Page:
HOUSE, Issue 33

Welcome the latest edition of House. The start of 2018 follows a remarkably busy Q4. Completely counter cyclical, last year’s final quarter was the busiest period of the year. Arion House received more job requisitions and job offers than at any point in the last 18 months. Chinese banks continued their global hiring spree in compliance and AML, private equity firms across the globe looked to add headcount to their teams, asset managers looked to hire within AML and in-house investigations and intelligence teams at investment banks started to grow. It seems the hiring curve we reported flattening is experiencing a bounce; a dead cat bounce? or a continuance of the strength in demand for compliance professionals worldwide?

Chinese banks looking to implement compliance structure.

China until 2017 had predominantly focussed on Western investment coming into the country. The last 12 months really signalled a shift in this trend as Chinese banks and corporates started to emerge from their domestic markets to do business in Europe and the US. Chinese banks are starting to make acquisitions on behalf of their corporate client base and, as a result,need compliance teams that adhere to global standards. Agricultural Bank of China was fined $215 million for AML violations by the New York State regulators late last year, the first case in which a Chinese bank was fined by overseas regulators. Interestingly, New York officials were alerted to the violations by the bank branch’s former Chief Compliance Officer.

In the last quarter we received several requests from China-based firms on how to structure a compliance and financial crime prevention team that adheres to global standards. This presents a great opportunity for experienced compliance officers, consultants and indeed recruiters to build from the ground up and help bring these compliance functions up to global standards.

Asset management firms looking to focus on AML controls in Asia and Europe.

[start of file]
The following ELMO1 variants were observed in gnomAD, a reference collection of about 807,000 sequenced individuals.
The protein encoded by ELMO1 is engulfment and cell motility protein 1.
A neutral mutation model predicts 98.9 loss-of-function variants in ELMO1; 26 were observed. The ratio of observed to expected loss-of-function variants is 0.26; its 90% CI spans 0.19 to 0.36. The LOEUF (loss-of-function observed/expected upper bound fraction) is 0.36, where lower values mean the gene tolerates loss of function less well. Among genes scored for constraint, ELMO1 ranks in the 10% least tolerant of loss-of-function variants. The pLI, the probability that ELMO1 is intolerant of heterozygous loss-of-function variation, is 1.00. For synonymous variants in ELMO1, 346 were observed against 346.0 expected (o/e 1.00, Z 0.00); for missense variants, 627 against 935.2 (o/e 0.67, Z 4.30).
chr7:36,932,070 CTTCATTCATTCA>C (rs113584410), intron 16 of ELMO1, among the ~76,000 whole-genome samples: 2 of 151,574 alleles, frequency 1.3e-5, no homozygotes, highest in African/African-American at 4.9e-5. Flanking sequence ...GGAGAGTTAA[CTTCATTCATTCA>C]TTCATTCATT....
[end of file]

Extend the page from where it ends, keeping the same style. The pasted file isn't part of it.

2017 saw a real increase in asset management firms looking to hire in Financial Crime Prevention. Matthew Pascoe joined M&G Investments as their new Regional Head of Financial Crime Compliance in London. Andrew Bradley, former Global Head of Financial Crime at Credit Suisse, took a Director position within Fidelity’s UK MLRO group. Finally, Gerard Green joined Invesco as Head of Anti-Money Laundering for EMEA from Franklin Templeton.

In Asia, Alisa Milburn became the APAC Head of Financial Crime Compliance at BlackRock, moving from Fidelity, and was joined by Winnie Tse as a Vice President, formerly at State Street.

We anticipate more hiring in Europe as these new heads build out their AML functions within the region and in Asia Pacific where they look to appoint new heads for the region. We also anticipate the alternatives industry, notably private equity, hiring more financial crime prevention officers, as the sector faces continued scrutiny globally.

Investment banks build out their investigations teams.

Whether it’s looking at internal or external investigations, a real theme of last quarter was the build out of investigations functions in both Europe and Asia. The trend is prevalent across both corporate and financial services sectors and is recognition of the impact recent fines have had on both industries.

Whistleblowing is now a formal process backed by institutions rather than one paid lip service to and enhanced due diligence is driving the need for increased numbers of investigators on the ground in regional locations. Regional investigations are no longer run from London by teams flying in, who often have less understanding of local culture and customs.